The head of Swedish telecoms giant Ericsson, Börje Ekholm, is ratcheting up pressure on the government to reconsider its decision to ban China’s Huawei from taking part in the rollout of 5G networks.
According to a report in Sweden’s TheLocal, The Swedish Post and Telecom Authority announced it was excluding Huawei and ZTE, both from China, from its 5G frequency auction in late October, citing security concerns.
According to sources, much like it has done in the rest of the world, the US has put pressure on Sweden to exclude Huawei from its 5G network construction.
Equipment already installed from the Chinese manufacturers must be removed by January 1, 2025.
“I hope there will be no impact,” Börje Ekholm told daily Dagens Nyheter in an interview, adding that he is worried about Chinese reprisals, TheLocal reported.
“China accounts for eight percent of our revenue. For us it has been a strategically important issue to be present in China,” Ekholm added.
Over the weekend, the newspaper published text messages between Ekholm and Swedish Trade Minister Anna Hallberg in which he asked the government to “talk” with the telecoms regulator.
“At the moment Sweden is a really bad country for Ericsson,” Ekholm complained to the minister.
The PTS decision “excludes our Chinese competitors in a way that no other EU country has done,” he said in SMS messages obtained by the daily, The Local reported.
After the UK in mid-July, Sweden became the second European country and the first in the European Union to explicitly ban Huawei from almost all 5G infrastructure.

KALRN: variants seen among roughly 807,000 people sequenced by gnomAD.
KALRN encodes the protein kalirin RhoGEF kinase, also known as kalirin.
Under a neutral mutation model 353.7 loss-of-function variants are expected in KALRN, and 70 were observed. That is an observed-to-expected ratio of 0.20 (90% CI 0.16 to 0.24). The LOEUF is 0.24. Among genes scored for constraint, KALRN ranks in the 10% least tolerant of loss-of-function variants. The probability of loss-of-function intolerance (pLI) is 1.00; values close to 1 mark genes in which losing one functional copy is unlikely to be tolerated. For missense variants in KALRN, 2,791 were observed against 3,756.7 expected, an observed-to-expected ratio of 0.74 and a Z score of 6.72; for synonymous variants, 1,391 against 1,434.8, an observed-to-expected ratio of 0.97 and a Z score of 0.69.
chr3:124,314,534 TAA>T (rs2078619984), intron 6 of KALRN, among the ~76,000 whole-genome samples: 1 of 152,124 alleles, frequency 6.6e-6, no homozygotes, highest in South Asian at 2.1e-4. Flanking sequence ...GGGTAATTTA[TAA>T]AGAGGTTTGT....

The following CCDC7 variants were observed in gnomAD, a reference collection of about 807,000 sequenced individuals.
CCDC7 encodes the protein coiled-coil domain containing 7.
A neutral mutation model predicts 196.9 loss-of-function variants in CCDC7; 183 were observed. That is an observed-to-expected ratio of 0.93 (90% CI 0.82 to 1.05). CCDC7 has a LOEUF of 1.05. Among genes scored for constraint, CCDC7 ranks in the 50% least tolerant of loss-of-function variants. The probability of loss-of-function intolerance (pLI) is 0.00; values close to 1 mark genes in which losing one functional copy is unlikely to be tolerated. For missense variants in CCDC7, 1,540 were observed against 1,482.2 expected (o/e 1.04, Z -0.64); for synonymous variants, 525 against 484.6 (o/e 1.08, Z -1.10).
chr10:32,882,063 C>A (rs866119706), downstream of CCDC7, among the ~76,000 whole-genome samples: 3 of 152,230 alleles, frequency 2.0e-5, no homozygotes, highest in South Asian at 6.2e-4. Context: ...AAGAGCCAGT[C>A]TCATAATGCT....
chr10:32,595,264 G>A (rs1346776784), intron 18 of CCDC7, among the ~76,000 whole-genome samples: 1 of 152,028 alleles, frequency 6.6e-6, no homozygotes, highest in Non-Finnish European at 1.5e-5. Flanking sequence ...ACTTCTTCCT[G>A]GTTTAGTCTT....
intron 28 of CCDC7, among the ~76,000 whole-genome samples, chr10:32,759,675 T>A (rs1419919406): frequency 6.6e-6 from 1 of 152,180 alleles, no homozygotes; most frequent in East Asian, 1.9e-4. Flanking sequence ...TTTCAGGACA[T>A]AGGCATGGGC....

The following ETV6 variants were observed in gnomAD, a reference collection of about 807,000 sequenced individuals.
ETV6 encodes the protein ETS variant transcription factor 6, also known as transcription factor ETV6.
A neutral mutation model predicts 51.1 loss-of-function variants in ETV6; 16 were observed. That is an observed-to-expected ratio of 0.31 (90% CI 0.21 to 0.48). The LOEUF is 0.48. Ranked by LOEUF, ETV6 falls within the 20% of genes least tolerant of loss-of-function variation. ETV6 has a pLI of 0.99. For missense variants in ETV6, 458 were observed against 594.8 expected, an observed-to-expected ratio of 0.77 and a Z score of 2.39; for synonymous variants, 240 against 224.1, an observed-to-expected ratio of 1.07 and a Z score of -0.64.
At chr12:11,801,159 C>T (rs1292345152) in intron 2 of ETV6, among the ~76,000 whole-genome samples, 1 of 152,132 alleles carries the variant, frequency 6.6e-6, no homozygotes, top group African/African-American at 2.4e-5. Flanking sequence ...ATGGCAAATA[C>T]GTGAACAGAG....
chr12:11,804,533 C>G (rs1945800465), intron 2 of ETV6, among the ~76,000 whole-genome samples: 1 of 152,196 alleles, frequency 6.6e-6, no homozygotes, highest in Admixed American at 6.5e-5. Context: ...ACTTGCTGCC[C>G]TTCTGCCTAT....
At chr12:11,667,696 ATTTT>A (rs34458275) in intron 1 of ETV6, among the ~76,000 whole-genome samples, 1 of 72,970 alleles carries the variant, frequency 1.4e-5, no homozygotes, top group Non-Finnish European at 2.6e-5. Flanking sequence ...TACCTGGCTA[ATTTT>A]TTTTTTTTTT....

Huawei has taken the Swedish regulator to court over its decision, leading to the 5G auction being delayed, and Beijing has warned that the authority’s decision could have unspecified “consequences” for Scandinavian companies in China, The Local reported.
In his interview, Ekholm called the Swedish decision “a complication” for Ericsson, but said he still wanted it to remain Swedish.
“Our soul is in Sweden, it’s Ericsson’s base.
“But if Sweden doesn’t support free trade it is a complication for us,” he said, while noting that “we make 99 percent of our turnover outside Sweden.”
Would Ericsson leave Sweden? Is it realistic?
Zhang Xiaorong, director of the Beijing-based Cutting-Edge Technology Research Institute, told Global Times, “Ericsson is reluctant to face retaliation for Sweden’s unwarranted offense against Chinese firms. Sweden’s market is too small. Demographically speaking, it’s only half the size of Beijing.
“But the Chinese market is so big that Ericsson’s presence in the Chinese market means it has a future in the 5G era, so it’s not hard to choose between China and Sweden,” Zhang said.
Wang Peng, an assistant professor at the Gaoling School of Artificial Intelligence at the Renmin University of China, said that it would not be easy for Ericsson to exit Sweden.
“The remarks of the Ericsson CEO made it clear that the company does not want similar bans on enterprises like Huawei, which some countries have politicized in business affairs,” he told Global Times.
“In the short term, some companies may think that they can achieve a better performance or have a larger market share after excluding Chinese companies. But in the long run, if countries ban Chinese companies and Chinese technology today under US pressure, will they ban EU firms tomorrow?”